Barbecued Bitumen

Fallen oil prices light fire under trials of hot production method

February 02, 2009

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When the going gets mean, the lean get going, Chris Bloomer believes. He hopes hard times will give his firm’s fiery oil sands technology the “game-changer” breakthrough it has sought with 14 years of research and field tests.

The 60 per cent drop in oil prices since last summer is a wake-up call to pay attention to innovation and efficiency, suggests Bloomer. Experience with economic shocks, as a veteran of more than three decades in the industry, keeps him alert as vice-president in charge of Petrobank Energy and Resources Ltd.’s Alberta bitumen belt interests.

“In our business you’ve got to do as much as you can to protect yourself against risk. The only way you can really do that is by controlling costs. You have to be the low-cost supplier, and that includes environmental costs. That’s the only way you can survive,” Bloomer says.

The novelty of Petrobank’s big idea for making the oil sands efficient and clean wore off long ago. The method is far into a business marathon of proving itself as economic and safe when used on an industrial scale.

A technology subsidiary markets the patented system, trademarked THAI, around the world. The method often attracts public attention because it is an industrial version of playing with fire. It works like an underground barbecue by cooking bitumen to separate it from sand and make it flow.
THAI is short for toe-to-heel air injection. The method is named after its appearance, resembling a human foot in artist’s renderings depicting side views of pairs of vertical and horizontal wells employed to extract bitumen.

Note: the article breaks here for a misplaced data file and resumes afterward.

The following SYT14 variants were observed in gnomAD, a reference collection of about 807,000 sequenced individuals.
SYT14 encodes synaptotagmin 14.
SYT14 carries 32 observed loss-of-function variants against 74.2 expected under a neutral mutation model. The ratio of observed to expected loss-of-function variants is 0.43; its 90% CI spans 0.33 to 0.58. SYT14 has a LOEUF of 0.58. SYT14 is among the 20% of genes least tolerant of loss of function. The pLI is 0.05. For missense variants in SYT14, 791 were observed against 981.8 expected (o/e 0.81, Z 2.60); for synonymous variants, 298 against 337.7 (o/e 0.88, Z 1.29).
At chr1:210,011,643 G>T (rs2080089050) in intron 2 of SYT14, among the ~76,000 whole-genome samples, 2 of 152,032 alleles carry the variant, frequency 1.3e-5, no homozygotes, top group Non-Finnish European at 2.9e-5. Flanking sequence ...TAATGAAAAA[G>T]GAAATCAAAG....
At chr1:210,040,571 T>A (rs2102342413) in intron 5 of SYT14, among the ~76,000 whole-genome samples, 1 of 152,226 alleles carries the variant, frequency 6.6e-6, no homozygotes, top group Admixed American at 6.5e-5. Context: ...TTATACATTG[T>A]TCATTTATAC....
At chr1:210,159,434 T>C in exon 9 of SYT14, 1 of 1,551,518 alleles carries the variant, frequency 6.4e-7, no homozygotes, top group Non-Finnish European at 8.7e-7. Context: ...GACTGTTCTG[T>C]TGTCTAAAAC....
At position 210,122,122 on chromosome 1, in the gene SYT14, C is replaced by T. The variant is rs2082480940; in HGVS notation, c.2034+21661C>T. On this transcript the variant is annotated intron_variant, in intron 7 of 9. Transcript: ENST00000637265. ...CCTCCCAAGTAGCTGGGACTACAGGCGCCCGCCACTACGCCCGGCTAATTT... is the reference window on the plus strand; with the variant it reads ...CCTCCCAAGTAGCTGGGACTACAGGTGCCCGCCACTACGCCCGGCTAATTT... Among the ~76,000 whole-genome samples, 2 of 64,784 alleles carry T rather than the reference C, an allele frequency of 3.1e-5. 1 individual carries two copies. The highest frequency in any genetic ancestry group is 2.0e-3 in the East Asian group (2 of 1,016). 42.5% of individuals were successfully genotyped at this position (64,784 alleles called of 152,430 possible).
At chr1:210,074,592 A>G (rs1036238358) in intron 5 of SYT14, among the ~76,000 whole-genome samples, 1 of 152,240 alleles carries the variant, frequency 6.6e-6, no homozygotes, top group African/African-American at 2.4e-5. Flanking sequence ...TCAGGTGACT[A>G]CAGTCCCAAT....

At the toes, vertical wells blast down about three million cubic feet per day of air with force about 40 times greater than the pressure in a car tire. The machine-made gale ignites the heaviest, most tarry fractions of pre-heated bitumen ore. Each well fans a smoldering “fire-flood” or “combustion front” about 100 meters wide. The heat of up to 1,000 °C advances across oil sands deposits in slow motion of about 30 centimeters per day. The air injections and combustion are completely controlled, Bloomer assures. “It’s a very slow, deliberate process.”

Horizontal wells form the sole and heel of the foot-shaped production network. They collect hot bitumen that melts into fluid and flows to the ground surface. At Petrobank’s Whitesands pilot plant 120 kilometers south of Fort McMurray, backed by $20 million from federal and provincial government technology assistance programs, THAI has produced bitumen in four-digit numbers of barrels per day for more than two years.

Bloomer has emerged as a frequent speaker at technical and financial conferences. He makes progress reports on the system at every step of its long journey towards planned use in a full-sized plant on Petrobank’s 160 square kilometers of oil sands leases.

He describes the “commercialization” exercise of adding THAI to the industry’s mainstream commercial technology repertoire as akin to the painstakingly slow craft of making art objects. Watching him in action evokes images of crafting Chinese lacquerware as multiple inlaid and polished layers are done one at a time, with time off for planning and drying.

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